Playing the French Horn
To produce sound on a French horn, the player makes a buzzing sound by blowing through closed lips. The embouchure can be formed by saying the letters E - M - P. The vibrations from the mouthpiece pass through the horn and out of the bell. The player changes the pitch of the sound by pressing the three valves in various combinations, in effect changing the length of the tubing the air flows through. Pitch on the French horn is also changed by increasing and decreasing the intensity of the air stream from the player's embouchure.
Care and Maintenance
Before you play:
Lift your French horn from its case by the bell and large tubing.
Every two or three days apply rotor oil to the valves.
For each valve, hold down its lever and remove its slide.
Turn the French horn up, and put a few drops of rotor oil into the rotor, making sure not to drip the oil down the sides of the slide because this can gather slide grease into your rotors. Then work the valve lever to distribute the oil.
Replace the slide and repeat the process on the next valve.
Place the mouthpiece into the mouthpiece receiver and gently twist it in.
After you play:
Remove the mouthpiece and put it in its compartment in your case.
Rotate the horn and let the spit and condensation roll out of the bell.
If moisture is still present, pull out the slides completely and shake them to release contents.
Wipe the fingerprints off your French horn with your polish cloth.
Put your French horn in its case and fasten the latches.
Check for loose items in your case that could bounce into your French horn and dent or scratch it.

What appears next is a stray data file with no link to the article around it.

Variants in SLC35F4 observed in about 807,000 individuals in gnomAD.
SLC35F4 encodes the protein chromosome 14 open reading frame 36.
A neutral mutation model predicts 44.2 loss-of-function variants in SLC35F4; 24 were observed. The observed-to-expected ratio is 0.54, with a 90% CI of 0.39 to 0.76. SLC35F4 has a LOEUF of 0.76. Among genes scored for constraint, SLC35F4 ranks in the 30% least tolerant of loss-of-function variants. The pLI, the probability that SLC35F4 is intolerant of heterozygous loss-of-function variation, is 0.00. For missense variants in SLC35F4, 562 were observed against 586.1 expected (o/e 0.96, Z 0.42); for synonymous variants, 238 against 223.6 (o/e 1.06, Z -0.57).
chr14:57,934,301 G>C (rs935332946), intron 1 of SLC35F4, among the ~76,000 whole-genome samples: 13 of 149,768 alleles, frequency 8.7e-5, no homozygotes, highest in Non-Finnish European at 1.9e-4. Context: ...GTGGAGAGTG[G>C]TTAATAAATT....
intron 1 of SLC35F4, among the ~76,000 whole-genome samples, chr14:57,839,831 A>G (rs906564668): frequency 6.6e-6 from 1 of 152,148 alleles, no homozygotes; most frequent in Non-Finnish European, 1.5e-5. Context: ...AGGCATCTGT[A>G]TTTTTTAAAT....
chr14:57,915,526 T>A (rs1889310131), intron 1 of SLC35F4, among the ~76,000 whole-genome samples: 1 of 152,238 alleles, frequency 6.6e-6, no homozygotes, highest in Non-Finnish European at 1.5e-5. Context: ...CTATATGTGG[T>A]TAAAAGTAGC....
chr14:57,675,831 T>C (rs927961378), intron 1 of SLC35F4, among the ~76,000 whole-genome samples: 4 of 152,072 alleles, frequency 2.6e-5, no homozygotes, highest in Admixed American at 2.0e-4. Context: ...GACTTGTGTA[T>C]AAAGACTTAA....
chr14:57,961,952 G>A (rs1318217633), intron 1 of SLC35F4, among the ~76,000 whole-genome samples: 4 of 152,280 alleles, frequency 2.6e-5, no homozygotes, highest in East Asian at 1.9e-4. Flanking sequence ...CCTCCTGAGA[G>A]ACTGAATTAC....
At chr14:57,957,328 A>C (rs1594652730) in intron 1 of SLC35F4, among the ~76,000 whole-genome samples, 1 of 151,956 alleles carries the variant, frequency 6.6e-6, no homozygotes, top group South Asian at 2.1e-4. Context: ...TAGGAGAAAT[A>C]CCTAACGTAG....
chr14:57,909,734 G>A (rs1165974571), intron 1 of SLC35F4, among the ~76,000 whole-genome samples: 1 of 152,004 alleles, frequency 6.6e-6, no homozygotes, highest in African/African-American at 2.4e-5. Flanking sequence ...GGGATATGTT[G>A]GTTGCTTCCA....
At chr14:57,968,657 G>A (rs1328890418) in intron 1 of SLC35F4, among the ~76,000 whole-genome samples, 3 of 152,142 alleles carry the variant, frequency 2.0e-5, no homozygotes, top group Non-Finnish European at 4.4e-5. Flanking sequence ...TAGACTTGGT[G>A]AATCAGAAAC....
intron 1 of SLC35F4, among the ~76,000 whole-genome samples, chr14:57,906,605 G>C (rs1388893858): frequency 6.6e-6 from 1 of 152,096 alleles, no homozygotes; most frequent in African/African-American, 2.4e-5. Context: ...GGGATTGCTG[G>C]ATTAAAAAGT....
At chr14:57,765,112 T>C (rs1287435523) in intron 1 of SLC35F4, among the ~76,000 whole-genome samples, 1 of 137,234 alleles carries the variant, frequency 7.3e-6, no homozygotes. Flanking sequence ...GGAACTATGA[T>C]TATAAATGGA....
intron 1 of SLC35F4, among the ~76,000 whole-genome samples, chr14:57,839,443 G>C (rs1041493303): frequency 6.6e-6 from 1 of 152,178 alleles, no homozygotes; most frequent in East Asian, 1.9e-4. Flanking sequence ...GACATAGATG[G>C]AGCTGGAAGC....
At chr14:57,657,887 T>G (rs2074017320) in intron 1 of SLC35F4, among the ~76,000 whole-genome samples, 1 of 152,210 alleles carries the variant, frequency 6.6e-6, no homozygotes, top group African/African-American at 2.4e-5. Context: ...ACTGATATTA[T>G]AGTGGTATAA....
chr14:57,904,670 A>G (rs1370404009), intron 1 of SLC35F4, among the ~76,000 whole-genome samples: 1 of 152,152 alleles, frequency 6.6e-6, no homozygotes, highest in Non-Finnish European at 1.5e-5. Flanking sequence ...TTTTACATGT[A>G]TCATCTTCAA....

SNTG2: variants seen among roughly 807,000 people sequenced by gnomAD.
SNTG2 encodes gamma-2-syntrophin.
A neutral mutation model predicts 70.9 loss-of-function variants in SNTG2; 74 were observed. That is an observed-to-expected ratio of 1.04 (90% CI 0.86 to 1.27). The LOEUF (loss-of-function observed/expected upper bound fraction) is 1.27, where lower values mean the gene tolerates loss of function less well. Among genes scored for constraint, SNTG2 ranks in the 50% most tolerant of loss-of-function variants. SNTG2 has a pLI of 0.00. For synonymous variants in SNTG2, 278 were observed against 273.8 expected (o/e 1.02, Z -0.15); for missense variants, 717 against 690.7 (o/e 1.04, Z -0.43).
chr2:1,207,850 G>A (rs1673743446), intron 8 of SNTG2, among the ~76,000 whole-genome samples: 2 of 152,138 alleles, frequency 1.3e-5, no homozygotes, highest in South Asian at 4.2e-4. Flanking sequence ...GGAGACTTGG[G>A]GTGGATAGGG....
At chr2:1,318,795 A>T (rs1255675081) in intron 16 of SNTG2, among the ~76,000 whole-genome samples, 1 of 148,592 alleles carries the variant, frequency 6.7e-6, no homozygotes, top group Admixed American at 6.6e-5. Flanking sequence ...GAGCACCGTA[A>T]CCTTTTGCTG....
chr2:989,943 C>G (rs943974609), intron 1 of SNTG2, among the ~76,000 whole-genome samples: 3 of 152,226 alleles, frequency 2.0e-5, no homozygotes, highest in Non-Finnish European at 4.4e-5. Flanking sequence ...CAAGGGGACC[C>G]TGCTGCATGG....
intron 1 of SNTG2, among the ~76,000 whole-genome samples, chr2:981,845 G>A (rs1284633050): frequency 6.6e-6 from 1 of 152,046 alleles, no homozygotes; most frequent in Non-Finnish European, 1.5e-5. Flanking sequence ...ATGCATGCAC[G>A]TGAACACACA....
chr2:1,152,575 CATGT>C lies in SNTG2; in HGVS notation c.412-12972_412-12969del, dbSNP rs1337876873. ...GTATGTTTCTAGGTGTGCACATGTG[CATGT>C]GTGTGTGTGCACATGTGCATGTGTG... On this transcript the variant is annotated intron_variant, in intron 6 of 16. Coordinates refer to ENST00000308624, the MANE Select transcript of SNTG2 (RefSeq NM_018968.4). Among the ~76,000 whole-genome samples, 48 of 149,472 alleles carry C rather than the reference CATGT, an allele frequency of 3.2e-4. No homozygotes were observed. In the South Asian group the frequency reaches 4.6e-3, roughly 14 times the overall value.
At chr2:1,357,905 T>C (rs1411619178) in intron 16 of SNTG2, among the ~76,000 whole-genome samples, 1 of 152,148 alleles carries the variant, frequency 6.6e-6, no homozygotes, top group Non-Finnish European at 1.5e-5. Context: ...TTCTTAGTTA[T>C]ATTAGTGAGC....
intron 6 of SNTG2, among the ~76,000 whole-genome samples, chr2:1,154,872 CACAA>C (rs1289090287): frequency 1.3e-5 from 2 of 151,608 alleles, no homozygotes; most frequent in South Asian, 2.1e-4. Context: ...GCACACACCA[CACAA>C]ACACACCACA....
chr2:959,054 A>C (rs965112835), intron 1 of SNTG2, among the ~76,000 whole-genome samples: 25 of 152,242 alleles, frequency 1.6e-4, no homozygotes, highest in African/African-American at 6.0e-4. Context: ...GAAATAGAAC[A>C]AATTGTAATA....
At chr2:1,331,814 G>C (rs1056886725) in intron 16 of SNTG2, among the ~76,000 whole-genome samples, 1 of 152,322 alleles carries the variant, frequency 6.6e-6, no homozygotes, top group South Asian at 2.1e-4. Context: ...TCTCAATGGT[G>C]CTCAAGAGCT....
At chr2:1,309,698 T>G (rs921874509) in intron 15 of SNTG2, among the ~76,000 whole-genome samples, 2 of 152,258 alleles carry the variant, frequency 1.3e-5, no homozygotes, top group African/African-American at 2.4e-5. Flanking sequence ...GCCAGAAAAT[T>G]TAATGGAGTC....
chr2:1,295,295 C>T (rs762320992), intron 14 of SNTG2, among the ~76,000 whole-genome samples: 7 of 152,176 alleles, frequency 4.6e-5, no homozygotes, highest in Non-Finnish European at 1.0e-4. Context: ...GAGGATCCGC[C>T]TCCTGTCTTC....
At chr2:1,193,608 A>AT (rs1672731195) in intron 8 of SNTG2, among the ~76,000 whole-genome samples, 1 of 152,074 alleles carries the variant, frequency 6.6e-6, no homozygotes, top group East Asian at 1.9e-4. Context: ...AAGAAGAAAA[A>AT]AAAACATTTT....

Don't store anything on top of your French horn in its case as it could push on the levers and slides and bend them.
Clean your mouthpiece with a mouthpiece brush, dish soap, and warm water.
Thoroughly clean your French horn's finish with your polish cloth.
Apply a little slide grease to the slides. Pull them out one-at-a-time, wipe them clean with a soft cloth, rub a small amount of slide grease on them, and carefully insert them back into your French horn.
Oil the rotors. Remove the valve caps and apply key oil to the bearing shaft and pivot points, rotating the valves to work it in.
Every few months wash out the insides of your French horn to keep it sanitary and working smoothly.
Disassemble your French horn (except for the rotor valves which only a technician should disassemble) in a large sink or bathtub of warm water and mild dish soap.
Be very careful with the disassembled parts as the smallest dent will prevent them from fitting back in your French horn and moving properly. A soft towel on the counter and at the bottom of the sink or tub will cushion any falls.
Use your cleaning snake to gently scrub inside the tubes.
Rinse thoroughly and completely dry off the parts.
Apply a small amount of grease to the slides and put them back into your French horn.
Bring your French horn to the Amro repair shop at least once a year and any time you feel it's not playing its best. We'll inspect and test it free of charge, usually while you wait. And if you have Amro’s Maintenance & Replacement plan, any adjustments and repair it needs are free.